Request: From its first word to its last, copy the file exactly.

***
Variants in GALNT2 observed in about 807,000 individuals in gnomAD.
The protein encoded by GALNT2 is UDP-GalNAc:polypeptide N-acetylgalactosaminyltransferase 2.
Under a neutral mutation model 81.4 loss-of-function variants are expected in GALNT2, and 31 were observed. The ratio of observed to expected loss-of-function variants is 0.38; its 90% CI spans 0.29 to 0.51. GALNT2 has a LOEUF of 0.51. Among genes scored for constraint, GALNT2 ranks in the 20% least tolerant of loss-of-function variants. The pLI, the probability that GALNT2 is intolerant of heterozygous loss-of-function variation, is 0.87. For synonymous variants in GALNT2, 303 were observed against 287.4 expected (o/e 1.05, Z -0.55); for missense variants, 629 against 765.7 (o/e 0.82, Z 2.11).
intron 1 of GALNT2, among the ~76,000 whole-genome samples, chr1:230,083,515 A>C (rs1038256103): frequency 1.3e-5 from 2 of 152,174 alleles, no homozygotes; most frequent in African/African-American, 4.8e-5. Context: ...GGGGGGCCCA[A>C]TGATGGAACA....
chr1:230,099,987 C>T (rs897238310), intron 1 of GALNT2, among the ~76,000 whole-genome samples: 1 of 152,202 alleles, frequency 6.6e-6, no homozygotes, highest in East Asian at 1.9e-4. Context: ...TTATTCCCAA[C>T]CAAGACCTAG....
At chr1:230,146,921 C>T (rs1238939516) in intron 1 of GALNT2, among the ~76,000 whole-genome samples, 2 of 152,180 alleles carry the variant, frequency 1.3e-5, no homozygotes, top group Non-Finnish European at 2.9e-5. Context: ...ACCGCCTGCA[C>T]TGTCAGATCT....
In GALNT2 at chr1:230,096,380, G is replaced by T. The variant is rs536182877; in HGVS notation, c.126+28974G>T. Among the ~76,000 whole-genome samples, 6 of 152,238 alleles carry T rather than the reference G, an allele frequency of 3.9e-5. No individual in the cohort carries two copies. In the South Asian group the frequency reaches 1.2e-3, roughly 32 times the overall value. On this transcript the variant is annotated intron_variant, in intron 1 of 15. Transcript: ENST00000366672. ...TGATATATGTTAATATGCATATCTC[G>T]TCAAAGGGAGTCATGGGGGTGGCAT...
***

Variants in GALNT2 observed in about 807,000 individuals in gnomAD.
The protein encoded by GALNT2 is UDP-GalNAc:polypeptide N-acetylgalactosaminyltransferase 2.
Under a neutral mutation model 81.4 loss-of-function variants are expected in GALNT2, and 31 were observed. The ratio of observed to expected loss-of-function variants is 0.38; its 90% CI spans 0.29 to 0.51. GALNT2 has a LOEUF of 0.51. Among genes scored for constraint, GALNT2 ranks in the 20% least tolerant of loss-of-function variants. The pLI, the probability that GALNT2 is intolerant of heterozygous loss-of-function variation, is 0.87. For synonymous variants in GALNT2, 303 were observed against 287.4 expected (o/e 1.05, Z -0.55); for missense variants, 629 against 765.7 (o/e 0.82, Z 2.11).
intron 1 of GALNT2, among the ~76,000 whole-genome samples, chr1:230,083,515 A>C (rs1038256103): frequency 1.3e-5 from 2 of 152,174 alleles, no homozygotes; most frequent in African/African-American, 4.8e-5. Context: ...GGGGGGCCCA[A>C]TGATGGAACA....
chr1:230,099,987 C>T (rs897238310), intron 1 of GALNT2, among the ~76,000 whole-genome samples: 1 of 152,202 alleles, frequency 6.6e-6, no homozygotes, highest in East Asian at 1.9e-4. Context: ...TTATTCCCAA[C>T]CAAGACCTAG....
At chr1:230,146,921 C>T (rs1238939516) in intron 1 of GALNT2, among the ~76,000 whole-genome samples, 2 of 152,180 alleles carry the variant, frequency 1.3e-5, no homozygotes, top group Non-Finnish European at 2.9e-5. Context: ...ACCGCCTGCA[C>T]TGTCAGATCT....
In GALNT2 at chr1:230,096,380, G is replaced by T. The variant is rs536182877; in HGVS notation, c.126+28974G>T. Among the ~76,000 whole-genome samples, 6 of 152,238 alleles carry T rather than the reference G, an allele frequency of 3.9e-5. No individual in the cohort carries two copies. In the South Asian group the frequency reaches 1.2e-3, roughly 32 times the overall value. On this transcript the variant is annotated intron_variant, in intron 1 of 15. Transcript: ENST00000366672. ...TGATATATGTTAATATGCATATCTC[G>T]TCAAAGGGAGTCATGGGGGTGGCAT...